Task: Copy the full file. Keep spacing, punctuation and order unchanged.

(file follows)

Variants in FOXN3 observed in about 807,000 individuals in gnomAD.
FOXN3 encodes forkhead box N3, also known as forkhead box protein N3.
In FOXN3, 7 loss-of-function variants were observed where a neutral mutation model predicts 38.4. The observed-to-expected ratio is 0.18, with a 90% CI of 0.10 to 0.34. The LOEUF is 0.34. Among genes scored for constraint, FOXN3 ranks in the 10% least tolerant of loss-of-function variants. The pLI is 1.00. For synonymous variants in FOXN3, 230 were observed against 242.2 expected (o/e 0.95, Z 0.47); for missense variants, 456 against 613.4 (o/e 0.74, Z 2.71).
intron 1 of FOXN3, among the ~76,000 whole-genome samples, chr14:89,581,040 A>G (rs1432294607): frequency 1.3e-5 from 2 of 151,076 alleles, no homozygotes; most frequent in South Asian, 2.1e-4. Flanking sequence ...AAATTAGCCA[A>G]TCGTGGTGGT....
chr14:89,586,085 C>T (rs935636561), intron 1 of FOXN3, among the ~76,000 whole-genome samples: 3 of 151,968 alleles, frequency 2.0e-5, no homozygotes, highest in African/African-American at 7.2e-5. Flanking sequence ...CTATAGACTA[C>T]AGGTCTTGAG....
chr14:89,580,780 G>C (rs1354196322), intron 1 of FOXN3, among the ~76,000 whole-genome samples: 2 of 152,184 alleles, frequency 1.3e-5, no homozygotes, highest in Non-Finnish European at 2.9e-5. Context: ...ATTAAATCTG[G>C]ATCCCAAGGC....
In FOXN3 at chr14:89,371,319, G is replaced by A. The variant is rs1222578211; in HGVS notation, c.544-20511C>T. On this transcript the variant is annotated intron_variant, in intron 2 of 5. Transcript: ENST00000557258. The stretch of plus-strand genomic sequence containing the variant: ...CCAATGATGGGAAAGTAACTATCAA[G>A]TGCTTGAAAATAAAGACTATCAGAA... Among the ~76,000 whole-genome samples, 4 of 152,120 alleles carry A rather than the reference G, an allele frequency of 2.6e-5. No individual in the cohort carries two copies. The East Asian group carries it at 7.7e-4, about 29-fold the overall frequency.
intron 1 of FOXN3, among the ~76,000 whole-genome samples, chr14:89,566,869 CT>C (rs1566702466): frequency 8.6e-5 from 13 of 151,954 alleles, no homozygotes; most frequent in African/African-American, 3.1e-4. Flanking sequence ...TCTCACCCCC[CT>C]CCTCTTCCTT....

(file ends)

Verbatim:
Variants in FOXN3 observed in about 807,000 individuals in gnomAD.
FOXN3 encodes forkhead box N3, also known as forkhead box protein N3.
In FOXN3, 7 loss-of-function variants were observed where a neutral mutation model predicts 38.4. The observed-to-expected ratio is 0.18, with a 90% CI of 0.10 to 0.34. The LOEUF is 0.34. Among genes scored for constraint, FOXN3 ranks in the 10% least tolerant of loss-of-function variants. The pLI is 1.00. For synonymous variants in FOXN3, 230 were observed against 242.2 expected (o/e 0.95, Z 0.47); for missense variants, 456 against 613.4 (o/e 0.74, Z 2.71).
intron 1 of FOXN3, among the ~76,000 whole-genome samples, chr14:89,581,040 A>G (rs1432294607): frequency 1.3e-5 from 2 of 151,076 alleles, no homozygotes; most frequent in South Asian, 2.1e-4. Flanking sequence ...AAATTAGCCA[A>G]TCGTGGTGGT....
chr14:89,586,085 C>T (rs935636561), intron 1 of FOXN3, among the ~76,000 whole-genome samples: 3 of 151,968 alleles, frequency 2.0e-5, no homozygotes, highest in African/African-American at 7.2e-5. Flanking sequence ...CTATAGACTA[C>T]AGGTCTTGAG....
chr14:89,580,780 G>C (rs1354196322), intron 1 of FOXN3, among the ~76,000 whole-genome samples: 2 of 152,184 alleles, frequency 1.3e-5, no homozygotes, highest in Non-Finnish European at 2.9e-5. Context: ...ATTAAATCTG[G>C]ATCCCAAGGC....
In FOXN3 at chr14:89,371,319, G is replaced by A. The variant is rs1222578211; in HGVS notation, c.544-20511C>T. On this transcript the variant is annotated intron_variant, in intron 2 of 5. Transcript: ENST00000557258. The stretch of plus-strand genomic sequence containing the variant: ...CCAATGATGGGAAAGTAACTATCAA[G>A]TGCTTGAAAATAAAGACTATCAGAA... Among the ~76,000 whole-genome samples, 4 of 152,120 alleles carry A rather than the reference G, an allele frequency of 2.6e-5. No individual in the cohort carries two copies. The East Asian group carries it at 7.7e-4, about 29-fold the overall frequency.
intron 1 of FOXN3, among the ~76,000 whole-genome samples, chr14:89,566,869 CT>C (rs1566702466): frequency 8.6e-5 from 13 of 151,954 alleles, no homozygotes; most frequent in African/African-American, 3.1e-4. Flanking sequence ...TCTCACCCCC[CT>C]CCTCTTCCTT....